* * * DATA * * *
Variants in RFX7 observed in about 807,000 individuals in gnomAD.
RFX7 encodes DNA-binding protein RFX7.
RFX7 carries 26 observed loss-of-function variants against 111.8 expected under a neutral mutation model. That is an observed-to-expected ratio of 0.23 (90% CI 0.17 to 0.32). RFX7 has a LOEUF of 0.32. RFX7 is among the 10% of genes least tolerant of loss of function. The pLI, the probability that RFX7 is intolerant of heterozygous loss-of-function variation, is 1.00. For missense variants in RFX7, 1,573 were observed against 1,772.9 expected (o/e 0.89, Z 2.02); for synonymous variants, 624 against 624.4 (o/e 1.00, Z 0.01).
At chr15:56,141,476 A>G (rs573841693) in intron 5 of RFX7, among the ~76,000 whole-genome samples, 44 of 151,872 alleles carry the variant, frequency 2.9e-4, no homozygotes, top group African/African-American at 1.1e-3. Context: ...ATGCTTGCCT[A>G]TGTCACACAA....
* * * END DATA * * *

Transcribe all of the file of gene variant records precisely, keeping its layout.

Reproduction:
Variants in RFX7 observed in about 807,000 individuals in gnomAD.
RFX7 encodes DNA-binding protein RFX7.
RFX7 carries 26 observed loss-of-function variants against 111.8 expected under a neutral mutation model. That is an observed-to-expected ratio of 0.23 (90% CI 0.17 to 0.32). RFX7 has a LOEUF of 0.32. RFX7 is among the 10% of genes least tolerant of loss of function. The pLI, the probability that RFX7 is intolerant of heterozygous loss-of-function variation, is 1.00. For missense variants in RFX7, 1,573 were observed against 1,772.9 expected (o/e 0.89, Z 2.02); for synonymous variants, 624 against 624.4 (o/e 1.00, Z 0.01).
At chr15:56,141,476 A>G (rs573841693) in intron 5 of RFX7, among the ~76,000 whole-genome samples, 44 of 151,872 alleles carry the variant, frequency 2.9e-4, no homozygotes, top group African/African-American at 1.1e-3. Context: ...ATGCTTGCCT[A>G]TGTCACACAA....